More and more human resource teams are demanding that their applications utilize alert technology. In many cases, it has become apparent that simple, yet time consuming activities have to be automated to save time and increase effectiveness. Software providers have created predefined, easy-to-use templates for common activities like new hire and termination actions, performance review tracking, overtime and paycheck related listings, attendance records, applicant tracking, and training management tracking. In other cases, the software provider can work with a third party company, such as Cognos, that specializes in providing alert technology for software applications. In this case, a number of sophisticated alerts can be established with different output formats (e-mails, document files, spreadsheets or printed paper). Conditional Workflow Workflow automation is not new to the human resource system software industry. However, significant advancements in the sophistication of workflow and adoption by all facets of business management software are motivating many human resource system software providers to include “conditional” workflow technology in their applications. Workflow is a term used to describe the tasks, procedural steps, organizations or people involved, required input and output information and tools needed for each step in a business process. Workflow automation takes an existing chain of work, such as initiating an employee’s pay increase, and makes it automatic, usually with workflow software that guides information from point to point without human intervention. Early versions of workflow within human resource applications usually limited users to pre-defined workflows with limited functionality. Typically, automated workflows included routing requests for approval and/or notification. However, the same workflow actions were taken regardless of who and/or what it was for. Simple workflow templates worked with a limited ability to differentiate the data’s “conditions.” The workflow is worked on an “unconditional” basis. To illustrate an example of a non-conditional workflow in human resource management process, we will use a pay increase. For example, let us assume a company has a policy that requires division president approval for all exempt personnel pay increases over 10 percent. In an environment that uses simple, non-conditional workflows, all pay rate requests would be forwarded to a designated number of approvers. In most cases, the chain of approvers may be different depending on your organizational assignments (company, department, location, etc.). However, with non-conditional workflow, there is no way to define a different course of action (number of approvals, type of notices, messages, etc.) based on whether certain data conditions exist. In this case, all pay increases would require the same number of approvals. In our example, the division president could either approve all or no exempt personnel pay increases. If conditional workflow technology is utilized, we would be able to identify different courses of action, depending on whether certain conditions are met. In our example, we would be able to tell the system to include the division president as an approval step if a pay increase for exempt personnel is greater than 10 percent. E-mail-based Actions We can probably all agree that e-mail has been embraced by business as one of the primary communication tools between people and, more recently, software systems and people. People send people e-mails. Software systems also send people e-mails. Common e-mails from software systems include alert notices from your bank or credit card companies, Internet order confirmations, notices that e-mail was not delivered, etc. Just a few years ago, the e-mails we received from software systems were typically just notices. However, as technology advanced, we began to receive e-mails requiring some form of required “action.” These e-mails typically contained Web site links to the sites/software requiring the action. However, in most cases, e-mail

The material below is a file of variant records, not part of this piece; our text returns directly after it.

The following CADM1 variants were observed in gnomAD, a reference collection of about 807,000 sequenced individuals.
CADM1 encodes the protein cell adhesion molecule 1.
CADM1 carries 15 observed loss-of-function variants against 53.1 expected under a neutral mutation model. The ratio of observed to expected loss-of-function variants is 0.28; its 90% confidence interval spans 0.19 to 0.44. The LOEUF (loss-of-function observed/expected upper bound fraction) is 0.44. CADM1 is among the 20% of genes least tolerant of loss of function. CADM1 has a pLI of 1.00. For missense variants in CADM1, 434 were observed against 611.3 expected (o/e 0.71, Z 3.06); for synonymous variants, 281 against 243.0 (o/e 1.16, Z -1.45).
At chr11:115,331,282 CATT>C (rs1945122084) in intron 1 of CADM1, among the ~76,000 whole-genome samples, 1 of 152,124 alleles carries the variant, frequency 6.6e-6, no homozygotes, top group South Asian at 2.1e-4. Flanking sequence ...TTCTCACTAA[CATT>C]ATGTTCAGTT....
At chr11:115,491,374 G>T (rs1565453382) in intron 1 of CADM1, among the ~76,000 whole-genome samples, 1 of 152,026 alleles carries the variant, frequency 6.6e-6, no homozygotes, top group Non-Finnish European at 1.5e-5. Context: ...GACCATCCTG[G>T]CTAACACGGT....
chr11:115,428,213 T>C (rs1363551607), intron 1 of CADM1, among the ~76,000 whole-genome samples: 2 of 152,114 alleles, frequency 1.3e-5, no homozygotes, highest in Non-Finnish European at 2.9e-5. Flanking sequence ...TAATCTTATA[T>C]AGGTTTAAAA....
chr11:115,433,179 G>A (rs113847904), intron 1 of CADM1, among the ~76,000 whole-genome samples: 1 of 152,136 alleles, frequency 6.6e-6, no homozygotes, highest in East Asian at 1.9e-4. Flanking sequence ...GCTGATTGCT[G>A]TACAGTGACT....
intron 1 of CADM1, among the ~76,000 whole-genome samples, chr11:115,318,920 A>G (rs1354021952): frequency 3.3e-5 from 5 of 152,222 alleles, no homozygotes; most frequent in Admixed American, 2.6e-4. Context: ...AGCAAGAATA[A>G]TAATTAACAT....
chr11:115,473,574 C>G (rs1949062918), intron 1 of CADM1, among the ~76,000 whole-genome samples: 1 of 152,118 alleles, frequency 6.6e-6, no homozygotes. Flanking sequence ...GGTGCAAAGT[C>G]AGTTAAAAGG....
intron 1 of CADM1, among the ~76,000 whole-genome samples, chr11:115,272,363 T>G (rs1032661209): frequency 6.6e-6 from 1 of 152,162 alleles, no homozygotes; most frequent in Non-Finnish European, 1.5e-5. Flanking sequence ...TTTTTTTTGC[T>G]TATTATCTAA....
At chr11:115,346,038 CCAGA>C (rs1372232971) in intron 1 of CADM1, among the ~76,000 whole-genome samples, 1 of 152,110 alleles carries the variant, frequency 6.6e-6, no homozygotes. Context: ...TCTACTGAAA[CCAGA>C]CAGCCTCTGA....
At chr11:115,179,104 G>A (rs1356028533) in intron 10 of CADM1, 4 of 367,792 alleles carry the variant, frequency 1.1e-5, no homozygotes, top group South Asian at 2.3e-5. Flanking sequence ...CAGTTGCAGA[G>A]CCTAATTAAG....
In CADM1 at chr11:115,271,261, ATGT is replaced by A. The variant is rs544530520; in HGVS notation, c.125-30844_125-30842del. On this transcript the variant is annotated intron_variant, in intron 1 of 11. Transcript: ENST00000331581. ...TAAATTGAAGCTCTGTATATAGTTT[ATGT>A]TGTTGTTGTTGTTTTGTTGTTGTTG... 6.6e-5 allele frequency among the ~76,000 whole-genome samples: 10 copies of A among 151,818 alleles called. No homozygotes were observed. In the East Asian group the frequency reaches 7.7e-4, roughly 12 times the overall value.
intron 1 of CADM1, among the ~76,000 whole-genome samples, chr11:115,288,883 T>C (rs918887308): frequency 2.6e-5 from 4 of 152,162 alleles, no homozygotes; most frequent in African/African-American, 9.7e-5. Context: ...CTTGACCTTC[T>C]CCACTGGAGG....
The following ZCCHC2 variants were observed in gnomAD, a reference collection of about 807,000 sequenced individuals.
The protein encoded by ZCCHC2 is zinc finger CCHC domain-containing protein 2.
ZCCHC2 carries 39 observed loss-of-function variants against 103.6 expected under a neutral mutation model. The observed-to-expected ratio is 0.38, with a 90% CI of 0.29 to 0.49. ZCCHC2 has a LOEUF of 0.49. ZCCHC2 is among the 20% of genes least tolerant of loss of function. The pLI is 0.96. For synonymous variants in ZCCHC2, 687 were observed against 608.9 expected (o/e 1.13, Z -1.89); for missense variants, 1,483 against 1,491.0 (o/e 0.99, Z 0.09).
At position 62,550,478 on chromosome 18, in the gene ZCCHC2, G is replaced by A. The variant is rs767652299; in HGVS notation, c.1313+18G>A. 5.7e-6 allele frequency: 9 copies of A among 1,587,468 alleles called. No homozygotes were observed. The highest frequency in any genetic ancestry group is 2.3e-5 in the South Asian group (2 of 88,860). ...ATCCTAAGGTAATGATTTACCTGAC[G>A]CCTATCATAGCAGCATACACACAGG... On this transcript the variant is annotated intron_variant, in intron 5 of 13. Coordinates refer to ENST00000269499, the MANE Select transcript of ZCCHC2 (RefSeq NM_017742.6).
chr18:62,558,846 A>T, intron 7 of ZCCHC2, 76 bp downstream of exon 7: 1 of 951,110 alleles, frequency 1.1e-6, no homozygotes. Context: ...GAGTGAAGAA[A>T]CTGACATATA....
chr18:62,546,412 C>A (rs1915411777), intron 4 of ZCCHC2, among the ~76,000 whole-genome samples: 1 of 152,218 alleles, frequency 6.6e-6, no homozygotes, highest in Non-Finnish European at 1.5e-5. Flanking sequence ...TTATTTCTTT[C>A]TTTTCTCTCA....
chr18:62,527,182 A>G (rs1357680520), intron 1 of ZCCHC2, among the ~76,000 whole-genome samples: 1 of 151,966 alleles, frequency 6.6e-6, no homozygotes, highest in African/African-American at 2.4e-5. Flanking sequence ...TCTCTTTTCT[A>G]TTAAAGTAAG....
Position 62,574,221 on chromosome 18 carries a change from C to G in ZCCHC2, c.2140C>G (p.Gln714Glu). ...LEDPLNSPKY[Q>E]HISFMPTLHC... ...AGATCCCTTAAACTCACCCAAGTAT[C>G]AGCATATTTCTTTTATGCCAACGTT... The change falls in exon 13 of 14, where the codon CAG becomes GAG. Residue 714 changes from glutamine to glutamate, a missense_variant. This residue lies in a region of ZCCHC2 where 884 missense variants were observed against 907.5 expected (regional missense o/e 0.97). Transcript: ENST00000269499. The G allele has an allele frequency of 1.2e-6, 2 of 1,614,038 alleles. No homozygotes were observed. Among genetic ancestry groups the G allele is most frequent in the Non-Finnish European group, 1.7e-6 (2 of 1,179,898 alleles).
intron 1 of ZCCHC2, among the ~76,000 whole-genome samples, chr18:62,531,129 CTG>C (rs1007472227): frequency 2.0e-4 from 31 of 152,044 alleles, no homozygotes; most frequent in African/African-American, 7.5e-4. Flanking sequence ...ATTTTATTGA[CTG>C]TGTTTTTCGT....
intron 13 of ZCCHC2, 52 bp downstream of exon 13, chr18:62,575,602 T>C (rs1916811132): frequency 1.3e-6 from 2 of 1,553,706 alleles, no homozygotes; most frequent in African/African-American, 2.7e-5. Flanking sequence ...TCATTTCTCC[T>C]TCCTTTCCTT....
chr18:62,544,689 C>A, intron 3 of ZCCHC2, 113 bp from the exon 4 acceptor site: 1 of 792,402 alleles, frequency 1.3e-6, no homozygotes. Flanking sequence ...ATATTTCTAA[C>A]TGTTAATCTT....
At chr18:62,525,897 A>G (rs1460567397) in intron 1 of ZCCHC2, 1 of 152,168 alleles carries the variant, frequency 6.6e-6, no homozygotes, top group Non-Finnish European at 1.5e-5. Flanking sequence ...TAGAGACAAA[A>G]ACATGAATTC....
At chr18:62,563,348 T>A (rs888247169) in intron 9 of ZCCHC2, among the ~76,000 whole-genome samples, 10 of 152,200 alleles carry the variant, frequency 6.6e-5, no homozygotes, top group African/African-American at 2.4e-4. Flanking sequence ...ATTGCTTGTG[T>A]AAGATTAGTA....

recipients had to “sign-in” to the originating software system and perform the required action indicated by the email. Using today’s e-mail and software technology, the e-mail recipient is now able to react to the request within the e-mail itself, thus bypassing the sign-in requirement. The benefit of using this technology is that users do not need to learn the underlying software application and can respond instantly using a familiar communication medium: e-mail. Using the pay rate increase example in the previous section, an automated workflow may have been designed to send an e-mail indicating that an approval action needed to be taken. Using older technology, the e-mail may have contained a Web site link to the human resource system. However, it still required a user to sign into the system and process an approval for the workflow request. Using current technology, the e-mail may include an “Approve” or “Deny” button that the user can select, thereby performing the action without signing into the originating system. What to Consider Today’s human resource management systems are embracing the latest trends in software technology. Some of the recent state-of-the-art features include alert technology, conditional workflow and e-mail-based actions. As your company is upgrading or adding to its human resource management system, consider selecting a partner whose systems use any or all of these time and money saving technologies. Not only will this allow you to improve how you execute today’s business processes, but it will also prepare the foundation you will need for continuing to add capabilities, efficiencies and speed in a business environment that only promises to be more demanding.